Tuesday, February 4, 2014

Remembering what we should remember about Our Story

This video is an ad for Bell's Whisky which is a South African alcoholic beverage. The title of this particular video is The Reader. I want to encourage you to view the video before reading my thoughts about it. No, I am not advocating alcohol consumption. It is the story that I want you to look at because it is one that you may be able to relate to as a Black person. 

I viewed this particular ad yesterday and I have no problem with sharing that the story line brought tears to my eyes because of the memories that it stirred up from my childhood. 

In our community there were people who did not have literacy skills for different reasons or they had minimal skills in this area. Many of these adults had been denied the opportunity to attend school for different reasons. Their childhood years were during the era when America was openly oppressive towards Black people. The idea that Negroes needed to have educations was not a high priority in many states. The economic conditions for many Black families required that going to work to help out was a necessity for survival. 

My maternal grandparents never attended school after completing the fourth grade. They both had to leave to become contributing members of their respective families. They were children in the beginning of the 1900's. Even though it was known that education was important so was the ability to survive in openly hostile conditions. 

Even though my grandparents were not able to continue to attend school on a regular basis both of them could read and write in a very functional manner, My grandfather also had a skill that he mastered very well. He could keep books like an accountant with formal training. We still have the ledgers that he used to keep account of his earnings and how money was spent. He kept accurate records over the course of his life time in the same manner that educated accountants used to keep books. According to the actual amount of education that he completed that was a skill that should have not been his to utilize. We believe based on information about our ancestors that he probably acquired this skill from one of the Hairston (pronounced Haastone for the actual Dutch descendants) while he was growing up in Virginia.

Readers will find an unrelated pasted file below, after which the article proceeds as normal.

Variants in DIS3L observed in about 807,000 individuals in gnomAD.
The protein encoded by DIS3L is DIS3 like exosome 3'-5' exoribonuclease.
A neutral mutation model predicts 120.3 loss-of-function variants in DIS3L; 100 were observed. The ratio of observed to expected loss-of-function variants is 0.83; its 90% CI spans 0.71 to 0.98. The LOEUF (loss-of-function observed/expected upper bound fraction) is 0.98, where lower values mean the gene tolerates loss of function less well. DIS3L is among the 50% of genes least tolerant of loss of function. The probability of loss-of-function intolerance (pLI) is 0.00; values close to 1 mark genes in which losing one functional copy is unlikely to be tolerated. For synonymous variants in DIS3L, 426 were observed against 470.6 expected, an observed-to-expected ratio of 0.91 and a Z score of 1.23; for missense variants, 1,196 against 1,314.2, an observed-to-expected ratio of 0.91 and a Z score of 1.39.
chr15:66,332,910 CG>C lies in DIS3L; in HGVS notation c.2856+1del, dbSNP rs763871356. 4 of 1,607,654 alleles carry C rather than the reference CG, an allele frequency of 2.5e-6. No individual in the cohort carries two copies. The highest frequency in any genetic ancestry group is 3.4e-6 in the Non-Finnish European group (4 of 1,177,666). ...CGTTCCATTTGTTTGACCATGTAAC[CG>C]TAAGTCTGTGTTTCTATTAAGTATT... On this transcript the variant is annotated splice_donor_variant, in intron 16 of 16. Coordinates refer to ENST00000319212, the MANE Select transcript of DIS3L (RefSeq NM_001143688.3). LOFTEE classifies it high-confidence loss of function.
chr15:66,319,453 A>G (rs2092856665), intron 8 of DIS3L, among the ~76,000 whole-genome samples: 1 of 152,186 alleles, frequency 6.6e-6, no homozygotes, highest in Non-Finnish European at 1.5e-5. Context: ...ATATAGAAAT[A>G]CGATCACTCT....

It was not unusual during my childhood to know adult who were illiterate or had the bare minimum of skills in this area. These adults would ask for help and it was given without any condemnation. Instead of mocking someone for the lack of their skills, there was encouragement to acquire those skills and classes that were held in the community to help them.

After my grandfather passed my grandmother decided to attend school again. She was in her early Sixties when she made this decision. We would have dinner together and she would head out to Champion Junior High School carrying her books to attend class. I can remember coming home from school and seeing her sitting in the living room studying or completing an assignment. I also remember her sharing her graded work with me often with a big smile on her face because she had been persistent and successful. 

I have been present in that moment when an adult has completed a GED course after a great struggle to pass the tests. The sense of accomplishment and personal pride was thick in the room and it felt like we had achieved a victory.

That is why the story line in this ad resonates with me. I understand what it is like for adults who were denied the opportunity to attend school and acquire basic skills to move past that point. That struggle to meet their personal goal is one that I know from experience in my own family. I have seen the same version of this story open up in the lives of people that I love as well as people that I helped along the way.

If you think that illiteracy is a problem that only developing nations must deal with, here are some statistics that will help raise your awareness of the number of people in the United States and within the global community who are illiterate: The information is from the Statistic Brain website:

Percent of U.S. adults who can’t read14 %
Number of U.S. adults who can’t read32 Million
Percent of U.S. adults who read below a 5th grade level21 %
Percent of prison inmates who can’t read63 %
Percent of high school graduates who can’t read19 %
Global Illiteracy
Number of people worldwide who can’t read774 Million
Percent of the worlds illiterate who are female66 % 
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